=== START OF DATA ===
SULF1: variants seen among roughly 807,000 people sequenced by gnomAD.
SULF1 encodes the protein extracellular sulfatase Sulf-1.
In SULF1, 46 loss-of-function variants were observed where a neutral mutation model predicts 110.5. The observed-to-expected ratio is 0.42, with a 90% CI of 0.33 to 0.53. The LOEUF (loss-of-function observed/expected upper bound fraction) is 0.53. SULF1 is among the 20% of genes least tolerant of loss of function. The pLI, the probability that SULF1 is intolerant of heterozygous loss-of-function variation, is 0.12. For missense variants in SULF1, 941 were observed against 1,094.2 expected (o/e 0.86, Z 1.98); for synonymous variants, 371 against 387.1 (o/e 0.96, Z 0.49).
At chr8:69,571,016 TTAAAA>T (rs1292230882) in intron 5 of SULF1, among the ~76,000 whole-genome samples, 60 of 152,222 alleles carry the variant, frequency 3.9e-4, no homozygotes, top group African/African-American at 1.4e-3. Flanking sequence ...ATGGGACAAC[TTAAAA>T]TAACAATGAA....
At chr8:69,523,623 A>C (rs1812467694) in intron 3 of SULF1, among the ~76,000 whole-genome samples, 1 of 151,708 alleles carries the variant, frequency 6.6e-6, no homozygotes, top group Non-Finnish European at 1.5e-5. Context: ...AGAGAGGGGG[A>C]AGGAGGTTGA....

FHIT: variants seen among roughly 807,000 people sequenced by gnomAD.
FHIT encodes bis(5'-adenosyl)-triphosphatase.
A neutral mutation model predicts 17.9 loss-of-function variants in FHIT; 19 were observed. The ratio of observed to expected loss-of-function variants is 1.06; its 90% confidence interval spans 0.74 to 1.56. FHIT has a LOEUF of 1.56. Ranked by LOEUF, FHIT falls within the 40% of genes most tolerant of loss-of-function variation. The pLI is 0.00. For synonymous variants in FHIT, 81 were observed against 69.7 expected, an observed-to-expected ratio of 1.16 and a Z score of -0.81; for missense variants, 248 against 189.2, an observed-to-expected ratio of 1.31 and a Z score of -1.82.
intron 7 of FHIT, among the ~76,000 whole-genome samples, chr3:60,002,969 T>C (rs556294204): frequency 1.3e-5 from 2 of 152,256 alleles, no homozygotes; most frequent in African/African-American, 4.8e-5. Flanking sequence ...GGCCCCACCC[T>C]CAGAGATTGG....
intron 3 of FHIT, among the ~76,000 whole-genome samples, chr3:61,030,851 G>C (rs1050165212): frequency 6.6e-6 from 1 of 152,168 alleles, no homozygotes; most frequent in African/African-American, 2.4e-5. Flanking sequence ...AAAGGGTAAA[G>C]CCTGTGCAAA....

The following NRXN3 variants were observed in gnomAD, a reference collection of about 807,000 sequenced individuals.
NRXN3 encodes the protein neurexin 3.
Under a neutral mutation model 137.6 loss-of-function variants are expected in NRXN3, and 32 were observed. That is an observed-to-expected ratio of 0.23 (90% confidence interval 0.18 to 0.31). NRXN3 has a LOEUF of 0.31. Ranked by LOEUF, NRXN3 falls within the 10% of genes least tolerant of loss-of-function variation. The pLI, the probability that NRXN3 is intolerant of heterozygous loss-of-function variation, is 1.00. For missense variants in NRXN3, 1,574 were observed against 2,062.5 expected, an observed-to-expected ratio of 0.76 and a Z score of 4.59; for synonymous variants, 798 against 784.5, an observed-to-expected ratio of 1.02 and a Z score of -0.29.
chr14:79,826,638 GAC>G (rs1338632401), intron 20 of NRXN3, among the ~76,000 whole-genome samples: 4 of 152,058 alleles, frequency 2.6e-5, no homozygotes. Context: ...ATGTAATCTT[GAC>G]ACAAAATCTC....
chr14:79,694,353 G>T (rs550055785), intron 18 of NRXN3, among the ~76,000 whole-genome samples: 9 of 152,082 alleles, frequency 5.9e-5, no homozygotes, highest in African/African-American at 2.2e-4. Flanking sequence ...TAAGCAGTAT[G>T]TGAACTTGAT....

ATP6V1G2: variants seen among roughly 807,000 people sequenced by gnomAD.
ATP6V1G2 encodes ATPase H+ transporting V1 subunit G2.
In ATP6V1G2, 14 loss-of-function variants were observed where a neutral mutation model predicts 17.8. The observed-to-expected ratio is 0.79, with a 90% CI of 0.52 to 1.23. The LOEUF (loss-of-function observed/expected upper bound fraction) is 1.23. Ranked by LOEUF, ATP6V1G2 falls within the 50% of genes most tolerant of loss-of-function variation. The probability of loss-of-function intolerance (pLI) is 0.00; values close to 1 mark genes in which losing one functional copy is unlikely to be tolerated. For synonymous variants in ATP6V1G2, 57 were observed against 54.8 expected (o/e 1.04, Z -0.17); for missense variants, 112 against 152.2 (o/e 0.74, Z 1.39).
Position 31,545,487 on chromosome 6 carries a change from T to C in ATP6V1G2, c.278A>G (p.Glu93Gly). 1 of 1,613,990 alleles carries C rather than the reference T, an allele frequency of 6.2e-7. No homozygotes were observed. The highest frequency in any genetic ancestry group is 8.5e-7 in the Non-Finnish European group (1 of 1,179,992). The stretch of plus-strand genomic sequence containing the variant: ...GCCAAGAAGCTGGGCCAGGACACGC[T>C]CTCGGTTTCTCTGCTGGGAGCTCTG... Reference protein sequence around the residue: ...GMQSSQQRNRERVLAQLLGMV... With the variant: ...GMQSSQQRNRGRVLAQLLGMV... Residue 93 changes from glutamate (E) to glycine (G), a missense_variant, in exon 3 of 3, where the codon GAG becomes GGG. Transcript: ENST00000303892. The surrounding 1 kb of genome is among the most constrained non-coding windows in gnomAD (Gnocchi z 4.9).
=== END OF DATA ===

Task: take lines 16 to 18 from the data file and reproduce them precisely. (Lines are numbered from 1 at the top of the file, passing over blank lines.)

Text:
ATP6V1G2: variants seen among roughly 807,000 people sequenced by gnomAD.
ATP6V1G2 encodes ATPase H+ transporting V1 subunit G2.
In ATP6V1G2, 14 loss-of-function variants were observed where a neutral mutation model predicts 17.8. The observed-to-expected ratio is 0.79, with a 90% CI of 0.52 to 1.23. The LOEUF (loss-of-function observed/expected upper bound fraction) is 1.23. Ranked by LOEUF, ATP6V1G2 falls within the 50% of genes most tolerant of loss-of-function variation. The probability of loss-of-function intolerance (pLI) is 0.00; values close to 1 mark genes in which losing one functional copy is unlikely to be tolerated. For synonymous variants in ATP6V1G2, 57 were observed against 54.8 expected (o/e 1.04, Z -0.17); for missense variants, 112 against 152.2 (o/e 0.74, Z 1.39).